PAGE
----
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An Eagan couple may have come up with a novel way to use the Internet bulletin board craigslist.
Eric Christopher Thorsen, 25, and Amy Ruth Bergquist, 30, appeared in federal court Thursday on charges that they have been advertising for sex partners on craigslist so that they could pick the pockets of those who responded. Then, they allegedly used stolen identification, checks or bank records to buy merchandise and prescription painkillers.
A 23-year-old Minneapolis man explained Thursday how he fell victim to the alleged scheme, on the condition he not be identified unless he's called to testify against them.
After a night of drinking in September, he said, he browsed craigslist personal ads and found one from a couple in their 20s seeking male or female sex partners. He called.
When Thorsen and a woman showed up at his door, he said, she did not look like the woman in the Internet posting, but he let them in anyway.
"It was the stupidest thing I could have done -- for a number of reasons," he said.
He said the three of them were "fooling around" when Thorsen excused himself to use the bathroom. Thorsen returned and said they had to be going, the man said.
Wallet was missing
He realized later that his jacket was hanging in the open, and when he checked the pocket, he discovered his wallet was missing. He reported the incident to Minneapolis police.
Weeks later, the man told a Roseville detective investigating a similar incident that he had found fraudulent charges on his stolen credit cards, including some made at an Apple Store and a Best Buy store.
He gave investigators photos from the craigslist posting. Roseville police records say one of the photos appeared to match a Best Buy surveillance photo.
The man said his bank eventually took care of $1,400 in bogus charges. But that's not the worst thing that happened, he said. "He printed my name on completely made-up checks, which he passed all over the place. So I got notes from collection agencies. I'm still trying to sort out my credit!"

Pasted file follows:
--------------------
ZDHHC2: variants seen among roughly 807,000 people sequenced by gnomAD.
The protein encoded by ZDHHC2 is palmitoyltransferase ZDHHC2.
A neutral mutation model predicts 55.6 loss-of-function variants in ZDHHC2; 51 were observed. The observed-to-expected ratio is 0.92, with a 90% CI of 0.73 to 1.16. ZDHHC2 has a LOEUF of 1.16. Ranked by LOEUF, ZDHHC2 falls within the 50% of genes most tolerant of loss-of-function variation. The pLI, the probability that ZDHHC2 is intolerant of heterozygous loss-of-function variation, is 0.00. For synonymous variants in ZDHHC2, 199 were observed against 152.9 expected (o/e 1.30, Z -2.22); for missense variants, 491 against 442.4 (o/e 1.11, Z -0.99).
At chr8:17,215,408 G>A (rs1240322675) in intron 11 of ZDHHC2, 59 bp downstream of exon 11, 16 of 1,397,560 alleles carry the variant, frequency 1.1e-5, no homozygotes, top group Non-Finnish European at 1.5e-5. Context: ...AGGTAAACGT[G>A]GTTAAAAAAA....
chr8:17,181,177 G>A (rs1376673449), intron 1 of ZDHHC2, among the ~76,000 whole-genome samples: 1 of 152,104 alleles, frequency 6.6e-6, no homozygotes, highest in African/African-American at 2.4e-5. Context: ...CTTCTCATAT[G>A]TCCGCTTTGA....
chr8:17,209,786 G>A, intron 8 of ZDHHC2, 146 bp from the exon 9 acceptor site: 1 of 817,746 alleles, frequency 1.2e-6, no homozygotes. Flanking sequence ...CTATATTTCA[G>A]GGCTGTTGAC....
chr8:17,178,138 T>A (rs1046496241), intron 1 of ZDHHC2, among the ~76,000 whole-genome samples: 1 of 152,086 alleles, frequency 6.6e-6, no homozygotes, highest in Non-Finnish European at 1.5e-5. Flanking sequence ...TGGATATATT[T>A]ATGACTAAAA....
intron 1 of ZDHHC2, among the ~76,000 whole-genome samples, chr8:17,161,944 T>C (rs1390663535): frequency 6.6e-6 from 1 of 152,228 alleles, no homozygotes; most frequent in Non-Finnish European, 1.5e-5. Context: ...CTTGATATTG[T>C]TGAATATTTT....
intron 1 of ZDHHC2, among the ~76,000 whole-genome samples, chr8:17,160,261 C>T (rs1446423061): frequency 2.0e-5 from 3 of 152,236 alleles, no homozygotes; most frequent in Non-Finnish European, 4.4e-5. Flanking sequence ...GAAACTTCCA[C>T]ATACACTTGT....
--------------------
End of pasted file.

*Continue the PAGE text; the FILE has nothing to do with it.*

In a search warrant affidavit, Roseville police Sgt. Erika Scheider said a South Carolina man reported that someone used a stolen credit card to order several Gateway computers. They were shipped to a UPS Store in Roseville rented in the name of the Minneapolis victim. Investigators found fraudulent checks printed in the name of the South Carolina man at the UPS store.
Passing forged checks
Police intercepted Bergquist Sept. 29, when she arrived to pick up the checks. She agreed to cooperate in the investigation, Scheider said, and Thorsen was arrested at the Double Tree Hotel in St. Louis Park. The room was rented in the name of the Minneapolis man.
"Thorsen admitted to fraudulently creating checks and then passing the forged checks throughout the metro," Scheider wrote. "Thorsen said he was able to steal people's identity through various means, including people he met on [craigslist]."
Thorsen said he was addicted to anti-depressants, Berquist said. The indictment unsealed Thursday charged Thorsen and Bergquist with one count each of conspiracy, document trafficking and aggravated identity theft.
According to the indictment, they continued to meet people through craigslist and steal their identification as recently as March 9. The indictment identifies six victims by their initials. Four are adult males, and two are adult females.
The indictment says Thorsen paid for two forged prescriptions for Adderall and Dexedrine using a counterfeit check in the name of one of his victims.
The federal case was investigated by the U.S. Postal Inspection Service, the Secret Service, the Minnesota Financial Crimes Task Force and the Roseville Police Department, with help from other local law enforcement agencies.
U.S. Magistrate Judge Arthur Boylan ordered Thorsen, who is unemployed, held in custody pending a Tuesday detention hearing and arraignment. Bergquist, a licensed practical nurse, was released pending arraignment.
Dan Browning • 612-673-4493